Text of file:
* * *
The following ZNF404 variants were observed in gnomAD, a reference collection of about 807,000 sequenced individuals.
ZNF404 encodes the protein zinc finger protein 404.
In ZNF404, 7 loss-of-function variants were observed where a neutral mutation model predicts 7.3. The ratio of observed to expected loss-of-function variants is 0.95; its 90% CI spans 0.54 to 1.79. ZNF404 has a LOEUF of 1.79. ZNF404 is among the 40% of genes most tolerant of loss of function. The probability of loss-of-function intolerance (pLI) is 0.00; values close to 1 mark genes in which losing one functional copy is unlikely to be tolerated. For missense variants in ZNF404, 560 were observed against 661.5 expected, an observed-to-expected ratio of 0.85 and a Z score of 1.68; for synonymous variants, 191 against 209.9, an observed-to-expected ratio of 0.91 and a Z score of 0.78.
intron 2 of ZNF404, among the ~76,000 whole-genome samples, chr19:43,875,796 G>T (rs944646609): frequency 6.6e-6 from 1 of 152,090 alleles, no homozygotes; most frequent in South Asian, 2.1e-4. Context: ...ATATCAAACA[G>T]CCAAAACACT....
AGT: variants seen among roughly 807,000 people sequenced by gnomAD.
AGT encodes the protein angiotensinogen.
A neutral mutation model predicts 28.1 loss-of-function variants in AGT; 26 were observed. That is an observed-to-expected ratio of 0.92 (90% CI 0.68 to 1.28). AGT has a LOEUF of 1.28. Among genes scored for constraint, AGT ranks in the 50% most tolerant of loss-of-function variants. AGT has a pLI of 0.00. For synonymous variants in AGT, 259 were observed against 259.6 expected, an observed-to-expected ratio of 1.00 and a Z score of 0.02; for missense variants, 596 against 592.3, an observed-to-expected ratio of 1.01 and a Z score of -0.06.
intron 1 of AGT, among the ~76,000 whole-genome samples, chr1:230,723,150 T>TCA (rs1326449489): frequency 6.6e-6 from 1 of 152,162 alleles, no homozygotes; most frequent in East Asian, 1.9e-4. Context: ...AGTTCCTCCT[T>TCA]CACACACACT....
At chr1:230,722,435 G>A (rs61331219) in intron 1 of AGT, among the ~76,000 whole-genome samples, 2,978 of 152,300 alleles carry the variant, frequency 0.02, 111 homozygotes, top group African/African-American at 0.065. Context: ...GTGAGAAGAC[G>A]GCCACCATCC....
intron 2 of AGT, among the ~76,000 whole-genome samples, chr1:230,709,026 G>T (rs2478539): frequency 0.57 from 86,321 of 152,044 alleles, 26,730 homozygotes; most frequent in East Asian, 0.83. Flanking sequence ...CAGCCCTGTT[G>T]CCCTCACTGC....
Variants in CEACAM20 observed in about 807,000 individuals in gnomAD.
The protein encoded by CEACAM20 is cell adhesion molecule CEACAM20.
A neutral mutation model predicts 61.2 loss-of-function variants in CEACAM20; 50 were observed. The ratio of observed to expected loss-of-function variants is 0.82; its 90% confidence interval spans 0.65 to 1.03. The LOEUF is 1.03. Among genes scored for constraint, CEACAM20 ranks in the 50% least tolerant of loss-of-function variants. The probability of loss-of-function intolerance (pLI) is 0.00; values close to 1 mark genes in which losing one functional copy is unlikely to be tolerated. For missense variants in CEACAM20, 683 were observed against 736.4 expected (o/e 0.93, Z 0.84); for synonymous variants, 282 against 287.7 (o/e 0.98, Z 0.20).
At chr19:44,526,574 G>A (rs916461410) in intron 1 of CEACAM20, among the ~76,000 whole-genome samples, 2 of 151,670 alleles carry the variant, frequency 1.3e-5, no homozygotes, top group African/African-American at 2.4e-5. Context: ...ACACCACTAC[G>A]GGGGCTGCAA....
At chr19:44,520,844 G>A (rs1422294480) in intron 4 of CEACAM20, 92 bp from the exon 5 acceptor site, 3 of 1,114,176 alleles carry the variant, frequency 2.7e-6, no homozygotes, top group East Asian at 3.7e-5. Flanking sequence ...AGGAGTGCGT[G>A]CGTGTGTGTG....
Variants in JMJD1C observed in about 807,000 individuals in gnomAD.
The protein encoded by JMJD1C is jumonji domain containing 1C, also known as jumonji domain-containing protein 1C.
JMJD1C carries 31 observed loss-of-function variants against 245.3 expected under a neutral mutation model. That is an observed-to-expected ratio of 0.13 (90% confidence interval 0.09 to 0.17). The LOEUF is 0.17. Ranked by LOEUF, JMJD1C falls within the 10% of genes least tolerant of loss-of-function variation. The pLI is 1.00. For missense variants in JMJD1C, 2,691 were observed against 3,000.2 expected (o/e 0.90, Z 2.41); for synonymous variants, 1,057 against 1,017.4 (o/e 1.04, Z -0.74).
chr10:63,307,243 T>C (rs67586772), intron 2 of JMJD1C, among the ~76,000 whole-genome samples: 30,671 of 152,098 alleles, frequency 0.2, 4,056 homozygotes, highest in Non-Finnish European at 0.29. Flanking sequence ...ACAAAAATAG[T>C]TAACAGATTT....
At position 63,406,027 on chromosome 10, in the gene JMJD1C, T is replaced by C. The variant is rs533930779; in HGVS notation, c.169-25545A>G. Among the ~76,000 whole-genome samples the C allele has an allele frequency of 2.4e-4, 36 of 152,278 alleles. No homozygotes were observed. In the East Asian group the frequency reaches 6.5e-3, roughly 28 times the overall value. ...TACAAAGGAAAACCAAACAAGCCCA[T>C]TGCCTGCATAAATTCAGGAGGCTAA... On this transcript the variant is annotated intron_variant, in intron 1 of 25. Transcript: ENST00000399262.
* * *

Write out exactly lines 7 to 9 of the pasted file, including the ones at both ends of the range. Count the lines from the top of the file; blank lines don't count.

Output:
A neutral mutation model predicts 28.1 loss-of-function variants in AGT; 26 were observed. That is an observed-to-expected ratio of 0.92 (90% CI 0.68 to 1.28). AGT has a LOEUF of 1.28. Among genes scored for constraint, AGT ranks in the 50% most tolerant of loss-of-function variants. AGT has a pLI of 0.00. For synonymous variants in AGT, 259 were observed against 259.6 expected, an observed-to-expected ratio of 1.00 and a Z score of 0.02; for missense variants, 596 against 592.3, an observed-to-expected ratio of 1.01 and a Z score of -0.06.
intron 1 of AGT, among the ~76,000 whole-genome samples, chr1:230,723,150 T>TCA (rs1326449489): frequency 6.6e-6 from 1 of 152,162 alleles, no homozygotes; most frequent in East Asian, 1.9e-4. Context: ...AGTTCCTCCT[T>TCA]CACACACACT....
At chr1:230,722,435 G>A (rs61331219) in intron 1 of AGT, among the ~76,000 whole-genome samples, 2,978 of 152,300 alleles carry the variant, frequency 0.02, 111 homozygotes, top group African/African-American at 0.065. Context: ...GTGAGAAGAC[G>A]GCCACCATCC....